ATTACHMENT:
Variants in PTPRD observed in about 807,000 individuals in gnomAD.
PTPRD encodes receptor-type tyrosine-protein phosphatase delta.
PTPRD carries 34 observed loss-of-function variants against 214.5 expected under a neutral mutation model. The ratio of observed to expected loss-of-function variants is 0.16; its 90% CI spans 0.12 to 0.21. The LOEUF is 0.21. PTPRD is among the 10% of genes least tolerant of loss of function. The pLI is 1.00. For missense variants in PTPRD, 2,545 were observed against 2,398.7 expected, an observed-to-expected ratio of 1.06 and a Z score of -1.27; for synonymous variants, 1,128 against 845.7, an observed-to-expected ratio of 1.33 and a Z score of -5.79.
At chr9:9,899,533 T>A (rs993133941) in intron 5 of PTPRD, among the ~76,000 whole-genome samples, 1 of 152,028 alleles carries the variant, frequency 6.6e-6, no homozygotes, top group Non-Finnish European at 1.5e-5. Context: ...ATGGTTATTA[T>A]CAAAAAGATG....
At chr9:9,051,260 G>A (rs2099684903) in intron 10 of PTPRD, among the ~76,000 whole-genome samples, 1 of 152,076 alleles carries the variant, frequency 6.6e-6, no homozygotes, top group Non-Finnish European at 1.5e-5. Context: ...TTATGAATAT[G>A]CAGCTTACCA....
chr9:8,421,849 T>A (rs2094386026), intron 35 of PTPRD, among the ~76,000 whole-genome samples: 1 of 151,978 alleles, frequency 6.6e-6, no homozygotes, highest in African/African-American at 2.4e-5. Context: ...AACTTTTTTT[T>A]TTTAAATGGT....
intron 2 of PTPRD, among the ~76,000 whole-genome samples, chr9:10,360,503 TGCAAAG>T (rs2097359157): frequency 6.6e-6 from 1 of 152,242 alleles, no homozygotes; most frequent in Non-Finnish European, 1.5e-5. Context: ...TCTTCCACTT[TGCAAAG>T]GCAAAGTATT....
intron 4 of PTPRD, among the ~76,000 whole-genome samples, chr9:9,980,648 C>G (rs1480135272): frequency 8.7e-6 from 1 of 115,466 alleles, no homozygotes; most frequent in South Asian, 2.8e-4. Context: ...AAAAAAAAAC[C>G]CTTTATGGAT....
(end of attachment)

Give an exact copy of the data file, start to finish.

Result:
Variants in PTPRD observed in about 807,000 individuals in gnomAD.
PTPRD encodes receptor-type tyrosine-protein phosphatase delta.
PTPRD carries 34 observed loss-of-function variants against 214.5 expected under a neutral mutation model. The ratio of observed to expected loss-of-function variants is 0.16; its 90% CI spans 0.12 to 0.21. The LOEUF is 0.21. PTPRD is among the 10% of genes least tolerant of loss of function. The pLI is 1.00. For missense variants in PTPRD, 2,545 were observed against 2,398.7 expected, an observed-to-expected ratio of 1.06 and a Z score of -1.27; for synonymous variants, 1,128 against 845.7, an observed-to-expected ratio of 1.33 and a Z score of -5.79.
At chr9:9,899,533 T>A (rs993133941) in intron 5 of PTPRD, among the ~76,000 whole-genome samples, 1 of 152,028 alleles carries the variant, frequency 6.6e-6, no homozygotes, top group Non-Finnish European at 1.5e-5. Context: ...ATGGTTATTA[T>A]CAAAAAGATG....
At chr9:9,051,260 G>A (rs2099684903) in intron 10 of PTPRD, among the ~76,000 whole-genome samples, 1 of 152,076 alleles carries the variant, frequency 6.6e-6, no homozygotes, top group Non-Finnish European at 1.5e-5. Context: ...TTATGAATAT[G>A]CAGCTTACCA....
chr9:8,421,849 T>A (rs2094386026), intron 35 of PTPRD, among the ~76,000 whole-genome samples: 1 of 151,978 alleles, frequency 6.6e-6, no homozygotes, highest in African/African-American at 2.4e-5. Context: ...AACTTTTTTT[T>A]TTTAAATGGT....
intron 2 of PTPRD, among the ~76,000 whole-genome samples, chr9:10,360,503 TGCAAAG>T (rs2097359157): frequency 6.6e-6 from 1 of 152,242 alleles, no homozygotes; most frequent in Non-Finnish European, 1.5e-5. Context: ...TCTTCCACTT[TGCAAAG>T]GCAAAGTATT....
intron 4 of PTPRD, among the ~76,000 whole-genome samples, chr9:9,980,648 C>G (rs1480135272): frequency 8.7e-6 from 1 of 115,466 alleles, no homozygotes; most frequent in South Asian, 2.8e-4. Context: ...AAAAAAAAAC[C>G]CTTTATGGAT....